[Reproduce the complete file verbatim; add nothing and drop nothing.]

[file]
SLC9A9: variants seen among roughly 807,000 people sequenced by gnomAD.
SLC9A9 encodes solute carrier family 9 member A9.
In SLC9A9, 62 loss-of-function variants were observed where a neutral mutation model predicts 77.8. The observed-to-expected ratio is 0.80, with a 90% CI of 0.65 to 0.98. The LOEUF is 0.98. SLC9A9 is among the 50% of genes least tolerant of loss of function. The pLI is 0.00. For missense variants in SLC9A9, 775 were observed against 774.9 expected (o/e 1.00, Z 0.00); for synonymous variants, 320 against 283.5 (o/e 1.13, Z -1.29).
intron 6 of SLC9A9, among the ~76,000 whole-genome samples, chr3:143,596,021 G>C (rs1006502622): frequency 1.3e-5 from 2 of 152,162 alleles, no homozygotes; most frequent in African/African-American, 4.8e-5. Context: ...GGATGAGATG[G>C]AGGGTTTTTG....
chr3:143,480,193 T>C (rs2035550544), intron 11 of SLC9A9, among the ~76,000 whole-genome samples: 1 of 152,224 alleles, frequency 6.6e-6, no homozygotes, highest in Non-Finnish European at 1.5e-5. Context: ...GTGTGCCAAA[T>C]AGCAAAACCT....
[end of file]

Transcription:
SLC9A9: variants seen among roughly 807,000 people sequenced by gnomAD.
SLC9A9 encodes solute carrier family 9 member A9.
In SLC9A9, 62 loss-of-function variants were observed where a neutral mutation model predicts 77.8. The observed-to-expected ratio is 0.80, with a 90% CI of 0.65 to 0.98. The LOEUF is 0.98. SLC9A9 is among the 50% of genes least tolerant of loss of function. The pLI is 0.00. For missense variants in SLC9A9, 775 were observed against 774.9 expected (o/e 1.00, Z 0.00); for synonymous variants, 320 against 283.5 (o/e 1.13, Z -1.29).
intron 6 of SLC9A9, among the ~76,000 whole-genome samples, chr3:143,596,021 G>C (rs1006502622): frequency 1.3e-5 from 2 of 152,162 alleles, no homozygotes; most frequent in African/African-American, 4.8e-5. Context: ...GGATGAGATG[G>C]AGGGTTTTTG....
chr3:143,480,193 T>C (rs2035550544), intron 11 of SLC9A9, among the ~76,000 whole-genome samples: 1 of 152,224 alleles, frequency 6.6e-6, no homozygotes, highest in Non-Finnish European at 1.5e-5. Context: ...GTGTGCCAAA[T>C]AGCAAAACCT....